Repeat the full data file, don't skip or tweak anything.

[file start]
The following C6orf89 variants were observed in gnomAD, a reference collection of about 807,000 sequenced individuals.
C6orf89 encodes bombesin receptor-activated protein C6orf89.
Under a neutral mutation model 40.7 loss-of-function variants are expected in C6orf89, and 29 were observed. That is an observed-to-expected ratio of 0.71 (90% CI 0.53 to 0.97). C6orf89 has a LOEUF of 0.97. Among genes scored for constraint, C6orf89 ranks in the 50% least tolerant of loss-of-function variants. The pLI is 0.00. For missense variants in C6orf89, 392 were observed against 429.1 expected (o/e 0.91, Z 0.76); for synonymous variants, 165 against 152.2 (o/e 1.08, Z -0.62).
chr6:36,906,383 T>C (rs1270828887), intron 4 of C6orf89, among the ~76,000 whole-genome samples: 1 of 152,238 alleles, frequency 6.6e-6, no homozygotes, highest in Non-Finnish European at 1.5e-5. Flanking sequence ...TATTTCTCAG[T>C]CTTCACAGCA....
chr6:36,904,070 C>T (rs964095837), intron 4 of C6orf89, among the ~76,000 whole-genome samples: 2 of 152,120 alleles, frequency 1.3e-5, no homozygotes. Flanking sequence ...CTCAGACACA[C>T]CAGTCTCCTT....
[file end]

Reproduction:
The following C6orf89 variants were observed in gnomAD, a reference collection of about 807,000 sequenced individuals.
C6orf89 encodes bombesin receptor-activated protein C6orf89.
Under a neutral mutation model 40.7 loss-of-function variants are expected in C6orf89, and 29 were observed. That is an observed-to-expected ratio of 0.71 (90% CI 0.53 to 0.97). C6orf89 has a LOEUF of 0.97. Among genes scored for constraint, C6orf89 ranks in the 50% least tolerant of loss-of-function variants. The pLI is 0.00. For missense variants in C6orf89, 392 were observed against 429.1 expected (o/e 0.91, Z 0.76); for synonymous variants, 165 against 152.2 (o/e 1.08, Z -0.62).
chr6:36,906,383 T>C (rs1270828887), intron 4 of C6orf89, among the ~76,000 whole-genome samples: 1 of 152,238 alleles, frequency 6.6e-6, no homozygotes, highest in Non-Finnish European at 1.5e-5. Flanking sequence ...TATTTCTCAG[T>C]CTTCACAGCA....
chr6:36,904,070 C>T (rs964095837), intron 4 of C6orf89, among the ~76,000 whole-genome samples: 2 of 152,120 alleles, frequency 1.3e-5, no homozygotes. Flanking sequence ...CTCAGACACA[C>T]CAGTCTCCTT....